20140921-20140921-SAM_1195.jpg The treble from the S5s is a bit tip-dependent (as with many IEMs) and they can sound a little brittle and splashy with the wrong tips / insertion. With the right tips though (I found the provided tip options to be the best) the treble is quite good, but probably the weakest link in the S5's frequency repertoire. Don't stop reading though - they're not bad, it's just not their strength.
    The treble from the S5s is a little unbalanced so while they avoid harsh spikes or sibilance, they do sound peaky. What I mean by that is that you can hear some gaps in the overall treble presentation on certain recordings and it makes certain sounds like cymbals sound a little fake and thin - like there's something missing from the overall presentation. On other tracks this problem doesn't present itself at all because of the way the track is mixed and mastered.
    Once again, in the context of a $100 earphone, the S5s perform very well. My comments above are subjective evaluations regardless of price, but in the scheme of things, the S5s perform very well for their price tag.

    Staging & Imaging

    The S5s present a pretty good stage. It's relatively small and contained within the boundaries of the forehead, but it doesn't feel congested. Instruments and vocals are each clearly defined although not razor sharp. Once again, this also depends on the mixing of the track and the bass levels present - more acoustic / lean tracks show good imaging capabilities, but when the bass kicks in the stage size and clarity is reduced. It's important to note that the S5s never offer a bad presentation and retain good clarity and coherence at all times with all tracks. They range from a beautiful, clean image on leaner tracks to refined, but still clear images on bassier tracks


    20140921-20140921-SAM_1202.jpg As I mentioned earlier, on my first listen I thought the S5s were a much more expensive earphone (in the $200-300 range I would have said). They reminded me of a "poor man's" IE800. Further listening with a wide range of tracks showed why they're not on the level of something like the $250 Audiofly AF140s or similar $200-300 models, but at less than half the price of the offerings in that price-range the S5s are a brilliant budget IEM that is very well made, packaged with outstanding accessories, and sounds very very good for the money if you like a dynamic and fun sound. I can imagine these being an excellent exercising or commuting earphone due to their comfort, over-ear design and dynamic and engaging sound. I'd definitely recommend auditioning a pair if you get the chance because if your music tastes happen to hit the sweet spot of the S5 you could have yourself a really nice budget earphone.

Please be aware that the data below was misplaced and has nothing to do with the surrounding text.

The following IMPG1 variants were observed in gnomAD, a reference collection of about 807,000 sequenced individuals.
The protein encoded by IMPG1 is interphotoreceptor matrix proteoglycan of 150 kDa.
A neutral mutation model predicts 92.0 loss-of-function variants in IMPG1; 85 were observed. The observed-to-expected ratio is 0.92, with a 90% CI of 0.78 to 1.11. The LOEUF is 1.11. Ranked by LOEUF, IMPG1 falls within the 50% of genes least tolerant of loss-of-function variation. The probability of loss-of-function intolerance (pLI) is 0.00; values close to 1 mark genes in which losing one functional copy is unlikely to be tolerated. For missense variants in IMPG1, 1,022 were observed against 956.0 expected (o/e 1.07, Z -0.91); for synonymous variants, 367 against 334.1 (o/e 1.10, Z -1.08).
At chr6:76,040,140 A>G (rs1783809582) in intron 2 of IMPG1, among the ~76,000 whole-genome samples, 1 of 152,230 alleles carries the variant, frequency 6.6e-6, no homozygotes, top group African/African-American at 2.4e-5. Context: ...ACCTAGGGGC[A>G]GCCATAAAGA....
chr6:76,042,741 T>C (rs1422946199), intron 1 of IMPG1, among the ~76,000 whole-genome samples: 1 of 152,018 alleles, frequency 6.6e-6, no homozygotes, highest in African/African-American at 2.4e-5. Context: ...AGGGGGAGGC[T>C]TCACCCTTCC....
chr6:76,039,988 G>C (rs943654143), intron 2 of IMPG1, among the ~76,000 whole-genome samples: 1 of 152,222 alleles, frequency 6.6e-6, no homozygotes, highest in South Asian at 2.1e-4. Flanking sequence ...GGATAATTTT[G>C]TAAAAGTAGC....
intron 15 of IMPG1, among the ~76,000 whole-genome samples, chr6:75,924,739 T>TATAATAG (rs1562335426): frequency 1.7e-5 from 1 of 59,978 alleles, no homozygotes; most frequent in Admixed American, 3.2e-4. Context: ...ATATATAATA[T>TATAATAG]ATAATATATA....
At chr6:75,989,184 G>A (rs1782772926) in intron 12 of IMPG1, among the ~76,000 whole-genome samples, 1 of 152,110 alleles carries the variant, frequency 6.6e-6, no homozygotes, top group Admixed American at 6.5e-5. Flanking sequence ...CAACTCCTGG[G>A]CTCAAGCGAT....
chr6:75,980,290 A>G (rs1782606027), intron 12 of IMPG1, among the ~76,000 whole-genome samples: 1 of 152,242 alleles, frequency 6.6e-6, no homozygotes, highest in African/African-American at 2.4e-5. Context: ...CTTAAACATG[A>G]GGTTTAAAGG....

Brooko, djvkool and trellus like this.
  2. thatBeatsguy
    "The Party Pills"
    Pros - Amazing for EDM. Looks great. Feels great.
    Cons - Minor driver flex issue. Too warm for certain tracks. Flat cable is iffy.



    TL;DR: The Brainwavz S5 is loud, bass-heavy, energetic, and a lot of fun to listen to -- just the ticket for any EDM lover.
    Before I begin, huge thanks to Audrey (@Salsera) for providing a sample of the Brainwavz S5 in exchange for my honest opinion. My deepest gratitude goes out to her and the guys over at Brainwavz. But let me remind you that I was neither paid to write this review, nor am I an affiliate of Brainwavz or any of its staff. Any and all opinions expressed in this review are strictly my own unless otherwise specified, and these opinions should be treated as nothing more than that. Finally, my impressions of the S5 in this review might conflict with yours; therefore, your mileage may vary.


    Well, let me just say this: This review is filled with a lot of firsts. I won’t list them all to keep things brief, but the most significant one is how this is the first time I’ve been asked to write a review from a representative of a company. I know, I’m still squealing like a girl since I was sent a PM a couple weeks ago -- but still, it is my first time, so I’ll give it all I got!

    Anyway, let’s get onto the subject at hand. The Brainwavz S5 is Brainwavz’ latest IEM release, and is now their current S-series flagship IEM. Priced at $100 retail, the S5s look the part, feel the part, and are priced the part, but do they play the part? Read on and find out.

    Author's Note: This review is a little bit old, so expect some cringe-y parts if you're reading this in 2015 or later. I'm a little too lazy to edit the whole thing, and I want to keep the chronological flow in my reviews as I grow, so you can definitely see the improvements over time.

    == Aesthetics ==​

    Packaging, Design, Accessories​